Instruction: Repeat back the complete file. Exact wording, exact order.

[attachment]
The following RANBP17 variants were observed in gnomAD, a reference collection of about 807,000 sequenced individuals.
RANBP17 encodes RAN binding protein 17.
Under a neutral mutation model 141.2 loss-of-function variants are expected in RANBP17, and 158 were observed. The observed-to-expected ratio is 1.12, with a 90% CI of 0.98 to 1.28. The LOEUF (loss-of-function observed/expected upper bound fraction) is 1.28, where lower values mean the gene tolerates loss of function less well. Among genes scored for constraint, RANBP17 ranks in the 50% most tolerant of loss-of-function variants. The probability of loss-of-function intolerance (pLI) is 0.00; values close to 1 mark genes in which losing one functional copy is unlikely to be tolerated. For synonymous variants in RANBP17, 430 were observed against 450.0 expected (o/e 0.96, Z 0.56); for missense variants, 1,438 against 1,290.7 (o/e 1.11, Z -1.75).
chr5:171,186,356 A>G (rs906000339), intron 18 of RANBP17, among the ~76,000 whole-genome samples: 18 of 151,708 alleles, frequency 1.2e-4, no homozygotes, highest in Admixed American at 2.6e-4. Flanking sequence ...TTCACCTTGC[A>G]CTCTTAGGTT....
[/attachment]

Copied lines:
The following RANBP17 variants were observed in gnomAD, a reference collection of about 807,000 sequenced individuals.
RANBP17 encodes RAN binding protein 17.
Under a neutral mutation model 141.2 loss-of-function variants are expected in RANBP17, and 158 were observed. The observed-to-expected ratio is 1.12, with a 90% CI of 0.98 to 1.28. The LOEUF (loss-of-function observed/expected upper bound fraction) is 1.28, where lower values mean the gene tolerates loss of function less well. Among genes scored for constraint, RANBP17 ranks in the 50% most tolerant of loss-of-function variants. The probability of loss-of-function intolerance (pLI) is 0.00; values close to 1 mark genes in which losing one functional copy is unlikely to be tolerated. For synonymous variants in RANBP17, 430 were observed against 450.0 expected (o/e 0.96, Z 0.56); for missense variants, 1,438 against 1,290.7 (o/e 1.11, Z -1.75).
chr5:171,186,356 A>G (rs906000339), intron 18 of RANBP17, among the ~76,000 whole-genome samples: 18 of 151,708 alleles, frequency 1.2e-4, no homozygotes, highest in Admixed American at 2.6e-4. Flanking sequence ...TTCACCTTGC[A>G]CTCTTAGGTT....